By: Mary Beth Ferrante
This article originally appeared on Forbes.com.
We’ve all been operating in some kind of state of quarantine and exhaustion for the last six months, but for me, the last 4 weeks have been the most challenging. What changed?
It was the start of online Kindergarten. While teachers are incredible and I appreciate all of the work everyone is putting into making online school work, it has been chaotic. As plans for the start of school were being finalized, parents were left mostly in the dark, unable to really know what class schedules would look like online or what days kids would even be in classes for hybrid schedules. For me, it made it impossible to plan our care needs, how we could co-op with our neighbors and, more importantly, how I was going to get any work done. Now a month in, I feel like I’m finally just getting a handle on it, but still am dealing with weekly changing schedules.
Yet, I sit in the very privileged position of working from home and having a partner that is also still working from home right now. We realize our situation is so much easier than for parents that are unable to oversee online learning, are at the mercy of their own changing work schedules, and are faced with an impossible dilemma: either earn income to support their families or take unpaid time to manage online and hybrid school schedules at home.
It has felt impossible to be fully present at work or at home for these six months, but unlike the spring, it feels as though the stakes have changed. The early days and weeks of quarantine were exhausting to say the least, but at that point there was an expectation, however naive, that we were keeping our families safe, that any learning was just a bonus, and that students would return to school and day care centers in person soon. It felt temporary. At the same time, many employers, managers and clients were understanding. We all felt the weight of the crisis and that families should be offered some empathy and flexibility.
But as the weeks have turned into months and the months have become over half a year and counting, we remain far from returning to “normal.” Employers’ and managers’ empathy has waned, job losses are high and those still employed fear the impact of additional layoffs. Many employees are actually working more hours at a time when, according to the Boston Consulting Group, parents are spending an average of 65 hours per week on unpaid labor at home, almost double the pre-pandemic demand. The ongoing weight of this crisis and the sustained breakdown of child care infrastructure is crushing parents.
Blessing Adesiyan, founder of Villo and Mother Honestly, hears this from working parents daily in the social community she has created. She shares, “The caregiving crisis is taking a toll on working families. The psychological anxiety surrounding safe and affordable childcare and the added responsibilities at home will continue to threaten productivity in the workplace. Now more than ever, leaders across all private and public sectors must provide the infrastructure and support working parents need in order to properly position the economy for an optimal recovery.”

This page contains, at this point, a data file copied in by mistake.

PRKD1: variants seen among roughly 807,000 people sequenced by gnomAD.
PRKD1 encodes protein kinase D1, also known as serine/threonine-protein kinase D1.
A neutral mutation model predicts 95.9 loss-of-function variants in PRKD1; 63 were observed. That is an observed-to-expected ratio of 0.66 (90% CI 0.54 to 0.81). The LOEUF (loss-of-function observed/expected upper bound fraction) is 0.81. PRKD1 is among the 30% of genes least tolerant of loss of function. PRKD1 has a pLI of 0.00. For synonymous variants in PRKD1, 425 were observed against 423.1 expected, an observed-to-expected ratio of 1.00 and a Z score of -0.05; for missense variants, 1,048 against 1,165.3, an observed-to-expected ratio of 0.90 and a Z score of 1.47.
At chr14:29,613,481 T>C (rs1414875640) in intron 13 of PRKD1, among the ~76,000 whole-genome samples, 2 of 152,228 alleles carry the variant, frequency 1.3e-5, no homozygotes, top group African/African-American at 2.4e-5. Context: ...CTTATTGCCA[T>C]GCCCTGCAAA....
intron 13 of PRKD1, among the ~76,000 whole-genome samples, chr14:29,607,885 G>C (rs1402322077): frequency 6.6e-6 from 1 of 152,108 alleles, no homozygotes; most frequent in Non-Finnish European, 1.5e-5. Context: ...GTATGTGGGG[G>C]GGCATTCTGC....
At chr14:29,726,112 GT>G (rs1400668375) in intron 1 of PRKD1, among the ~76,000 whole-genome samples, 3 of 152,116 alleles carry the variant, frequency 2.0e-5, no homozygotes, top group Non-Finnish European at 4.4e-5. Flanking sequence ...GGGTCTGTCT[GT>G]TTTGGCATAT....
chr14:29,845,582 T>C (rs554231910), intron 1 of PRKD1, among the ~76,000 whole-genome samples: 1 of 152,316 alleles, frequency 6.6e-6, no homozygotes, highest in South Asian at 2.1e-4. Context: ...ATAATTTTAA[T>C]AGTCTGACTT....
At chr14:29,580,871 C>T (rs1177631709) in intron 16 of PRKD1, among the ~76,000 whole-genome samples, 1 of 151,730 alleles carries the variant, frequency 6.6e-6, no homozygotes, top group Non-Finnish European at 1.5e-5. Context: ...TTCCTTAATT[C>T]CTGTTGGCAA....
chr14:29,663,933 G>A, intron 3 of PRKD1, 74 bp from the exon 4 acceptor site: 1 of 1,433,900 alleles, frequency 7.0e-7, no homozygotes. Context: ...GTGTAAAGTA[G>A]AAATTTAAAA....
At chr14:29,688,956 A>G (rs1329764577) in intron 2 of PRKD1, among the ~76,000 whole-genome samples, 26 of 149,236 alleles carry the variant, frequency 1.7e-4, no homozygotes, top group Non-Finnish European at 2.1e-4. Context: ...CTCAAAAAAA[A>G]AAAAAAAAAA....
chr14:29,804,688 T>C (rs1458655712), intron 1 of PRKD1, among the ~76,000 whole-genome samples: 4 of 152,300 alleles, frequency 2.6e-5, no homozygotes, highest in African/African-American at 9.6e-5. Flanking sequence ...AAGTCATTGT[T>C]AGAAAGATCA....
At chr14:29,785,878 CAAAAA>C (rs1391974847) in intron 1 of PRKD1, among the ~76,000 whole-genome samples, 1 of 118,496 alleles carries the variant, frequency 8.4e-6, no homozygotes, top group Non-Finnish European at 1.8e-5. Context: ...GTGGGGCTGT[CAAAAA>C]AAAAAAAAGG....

Adesiyan recognizes the solutions are complex and require leadership across the spectrum. She is doing her part to provide working parents with tools, resources and a community of support through the Mother Honestly social media, podcast and conference platforms. Their recent “Parent Summit” and “State of Black Mothers In America” conferences were attended by over 2,500 working parents. Up next, Mother Honestly will be hosting the Caregiving and Work Summit on October 2nd to bring together expert speakers and free support for working parents. The event, which is being sponsored by companies like Pacira Biosciences, M.M.Lafleur, and Goldfish Swim School, is proof that these pain points are being felt across all kinds of industries.
This year’s summit brings together another incredible roster of influential leaders striving to improve work and parenting, including Sarahjane Saccehetti of Cleo, Katica Roy of Pipeline, and Katie Bethell of Paid Leave U.S. The session topics will range from the immediate logistical needs of parents to more in-depth conversations on systemic challenges like removing caregiving barriers and addressing the setbacks to gender, racial and economic equalities due to COVID-19.
Adesiyan isn’t stopping her work with this summit either. She recently launched her new startup Villo to address the burnout epidemic that affected working families well before COVID. The company focuses on lightening the unpaid labor load that is weighing families down by providing them with “villos,” trained household managers that assist employees, especially busy parents, by managing their personal and household responsibilities. Working parents have always been stretched thin, patchworking care together, squeezing personal tasks into gaps between meetings or after a long shift (or two). Adesiyan wants to take away some of that burden so parents can focus on what’s really important to them personally and professionally.
Working parents will continue to carry the burden of a broken caregiving infrastructure for the months ahead. But with people like Adesiyan creating community and solutions, the hope is that we start to move towards a new normal that includes more support for working families.